Tuesday, 26 July 2011

The Way of 26 Crosses

'China Town', Nagasaki
The 13th century Breton knight and adventurer Fulkes de Breaute is rather an obscure figure, but he crops up in unexpected places. A favourite of King John (the 'Bad'), he was made sheriff of several midlands castles (though not Nottingham), and his name is recalled in the name Vauxhall ('Fulkes Hall') on the south bank of the Thames. Funnily enough, it was at Vauxhall station that 19th century visitors from Russia asked "Where is this?"; "Vauxhall" came the reply, for which reason the word for train station in Russian is "Vokzal" to this day!

Kyoto. "Let us dicover the significance of birth and the joy of living"
Sort of similarly, though in fact he takes centre stage in late 16th century Japanese history, last week there was information outside one of the marvellous temples here in Kyoto referring to one Toyotomi Hideyoshi, aka 'Taikosane'. It was the second time i'd come across him; he ordered the Imjinwaeran invasion of Korea in 1592, about which a mini museum in Busan (Korea) tells the terrible story. Then, in "historic, romantic and exotic" Nagasaki, which i reached after a mixture of walking and not walking at the weekend, there he was again in the excellent little Jesuit museum dedicated to the 26 Japanese Martyrs. The first thing one sees there is a beautiful (17th century?) statue of St. Francis Xavier, wearing the traditional garb of a pilgrim to Santiago de Compostela, with scallop shells around his shoulders. He seems to have been a real 'St. Patrick' of the Far East and Japan, converting hundreds, perhaps thousands of people in the first half of the 16th century. Among them were numerous members of the feudal aristocracy, which by the way is another thing Japan has in common with Britain - its own tradition of "chivalry", where the knights of course were known as "Samurais". Hideyoshi however specifically ordered many of the Christian warriors to take part in the invasion of Korea. Then in October 1596 a Spanish galleon, the San Felipe, was shipwrecked off Japan on its way to Mexico. When the crew resisted his attempt to confiscate this vessel, Hideyoshi used it as a pretext to condemn 26 Kyoto Christians, men and boys, 6 foreigners and 20 Japanese, to death by crucifixion in Nagasaki. The most famous of these is St. Paul Miki, a native Japanese Jesuit who would soon have been ordained a priest. From what i could gather they each had an ear cut off before being made to walk 1000 kilometres in January 1597, being martyred on February 6th. The Franciscan St. Felipe de Jesus OFM was able to joke on the way, that "the San Felipe was shipwrecked so that Br. Felipe could go to heaven".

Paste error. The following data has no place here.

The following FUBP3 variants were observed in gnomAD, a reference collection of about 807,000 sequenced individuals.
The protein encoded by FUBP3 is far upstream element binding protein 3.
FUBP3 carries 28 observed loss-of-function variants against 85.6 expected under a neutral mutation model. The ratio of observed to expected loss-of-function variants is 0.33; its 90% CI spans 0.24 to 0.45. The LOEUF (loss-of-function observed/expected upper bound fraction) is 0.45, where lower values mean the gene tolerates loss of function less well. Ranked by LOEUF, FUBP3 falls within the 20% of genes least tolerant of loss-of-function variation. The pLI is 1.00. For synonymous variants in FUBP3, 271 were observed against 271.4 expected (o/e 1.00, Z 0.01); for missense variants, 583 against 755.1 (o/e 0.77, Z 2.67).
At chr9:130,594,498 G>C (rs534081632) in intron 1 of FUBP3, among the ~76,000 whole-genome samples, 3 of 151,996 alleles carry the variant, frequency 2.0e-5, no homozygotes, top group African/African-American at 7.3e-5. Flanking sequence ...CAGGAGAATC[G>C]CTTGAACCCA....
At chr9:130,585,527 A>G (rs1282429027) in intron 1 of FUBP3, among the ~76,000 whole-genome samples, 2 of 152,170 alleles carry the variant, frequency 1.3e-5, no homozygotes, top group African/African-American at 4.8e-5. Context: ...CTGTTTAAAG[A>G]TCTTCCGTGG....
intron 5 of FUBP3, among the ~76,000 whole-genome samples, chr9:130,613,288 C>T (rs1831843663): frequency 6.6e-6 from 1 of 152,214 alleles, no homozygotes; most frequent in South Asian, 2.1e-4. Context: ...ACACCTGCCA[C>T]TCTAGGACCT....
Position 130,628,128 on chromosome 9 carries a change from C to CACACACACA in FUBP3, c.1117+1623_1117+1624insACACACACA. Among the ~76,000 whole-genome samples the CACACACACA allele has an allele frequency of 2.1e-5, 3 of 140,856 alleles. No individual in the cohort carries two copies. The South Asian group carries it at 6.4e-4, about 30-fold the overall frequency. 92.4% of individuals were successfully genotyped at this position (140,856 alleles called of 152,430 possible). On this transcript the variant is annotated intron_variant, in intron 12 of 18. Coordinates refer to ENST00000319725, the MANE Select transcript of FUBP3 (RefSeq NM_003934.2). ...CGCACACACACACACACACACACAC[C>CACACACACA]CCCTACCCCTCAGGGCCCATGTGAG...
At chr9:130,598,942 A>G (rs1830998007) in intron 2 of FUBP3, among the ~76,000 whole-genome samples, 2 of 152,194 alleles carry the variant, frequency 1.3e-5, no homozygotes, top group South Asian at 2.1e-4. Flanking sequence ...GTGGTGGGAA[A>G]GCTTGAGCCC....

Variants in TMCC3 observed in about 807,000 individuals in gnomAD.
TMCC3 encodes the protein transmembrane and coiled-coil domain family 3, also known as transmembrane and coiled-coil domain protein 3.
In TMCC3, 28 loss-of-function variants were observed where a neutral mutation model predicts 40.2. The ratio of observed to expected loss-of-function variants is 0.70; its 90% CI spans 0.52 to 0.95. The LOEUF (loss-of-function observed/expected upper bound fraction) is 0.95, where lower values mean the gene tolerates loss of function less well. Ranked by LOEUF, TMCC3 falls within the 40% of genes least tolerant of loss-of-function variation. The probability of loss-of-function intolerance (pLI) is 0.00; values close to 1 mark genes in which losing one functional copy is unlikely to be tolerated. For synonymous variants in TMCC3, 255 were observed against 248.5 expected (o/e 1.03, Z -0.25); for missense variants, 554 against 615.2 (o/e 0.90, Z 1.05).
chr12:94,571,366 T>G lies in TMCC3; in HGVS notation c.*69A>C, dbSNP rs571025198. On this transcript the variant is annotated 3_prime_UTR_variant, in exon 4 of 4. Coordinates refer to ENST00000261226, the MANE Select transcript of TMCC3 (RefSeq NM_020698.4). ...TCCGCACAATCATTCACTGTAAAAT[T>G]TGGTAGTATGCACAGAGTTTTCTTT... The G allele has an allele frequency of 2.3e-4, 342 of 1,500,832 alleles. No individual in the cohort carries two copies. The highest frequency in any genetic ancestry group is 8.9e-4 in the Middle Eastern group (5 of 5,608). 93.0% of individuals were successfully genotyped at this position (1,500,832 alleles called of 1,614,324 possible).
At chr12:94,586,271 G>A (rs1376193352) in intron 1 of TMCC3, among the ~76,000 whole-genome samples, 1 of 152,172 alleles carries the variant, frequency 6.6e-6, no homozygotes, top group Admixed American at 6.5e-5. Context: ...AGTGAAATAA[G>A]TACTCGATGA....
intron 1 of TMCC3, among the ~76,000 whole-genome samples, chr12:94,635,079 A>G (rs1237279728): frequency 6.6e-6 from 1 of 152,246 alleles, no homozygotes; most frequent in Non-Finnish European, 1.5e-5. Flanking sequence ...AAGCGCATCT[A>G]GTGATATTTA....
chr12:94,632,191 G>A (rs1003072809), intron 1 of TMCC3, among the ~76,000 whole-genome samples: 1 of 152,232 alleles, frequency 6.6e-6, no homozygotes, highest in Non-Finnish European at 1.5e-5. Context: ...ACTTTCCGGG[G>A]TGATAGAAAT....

Church of Our Lady, Nagasaki

Soon afterwards Catholicism was banned for 250 years (sound familiar? - oh alright, the Japanese banned ALL Christianity), and there were sporadic further persecutions, but remarkably, when priests returned to Nagasaki in the late 19th century, a group of Christians whose faith had been hidden for generations came and presented themselves.

In the Cathedral in Fukuoka i met a young Japanese guy who has not (yet) become a Christian, but who has walked to Santiago more than once, and visited Marian shrines including Fatima and Medugorje. He kindly agreed to look after my bulky sleeping bag while i went to Nagasaki, and then wouldn't let me pay anything towards coffees and a great lunch when i came back, yesterday. Living in London from 2003-4, he had his picture taken with Arsene Wenger, who was coach of the Japanese football team before moving to Woolwich Arsenal. Not least as yesterday was St. James's day, patron of pilgrims, i was glad to be able to give him the excellent 'Dazer' dog deterrent, which i'd used successfully on a number of occasions.

There was sumo wrestling on the TV in the bus station in Nagasaki, including at least two European/American gentlemen, complete with amazing hair-cuts and generous beer-guts. Thank goodness there isn't a womens' version, (though frankly it wouldn't look much more ridiculous than womens' boxing or rugby). This however brings me to a much more serious matter. Baseball is a great game, but cricket, without the slightest shadow of a doubt, is at least as good. Yet, are cricket's governing bodies awake to this fact? China is the country that springs to mind, which could easily follow Korea and Japan down the "glorified rounders" route...

Here is St. Patrick's Breastplate;

Christ be with me, Christ within me,
Christ behind me, Christ before me,
Christ beside me, Christ to win me,
Christ to comfort and restore me.
Christ beneath me, Christ above me,
Christ in quiet, and in danger,
Christ in hearts of all that love me,
Christ in mouth of friend and stranger.

No comments:

Post a Comment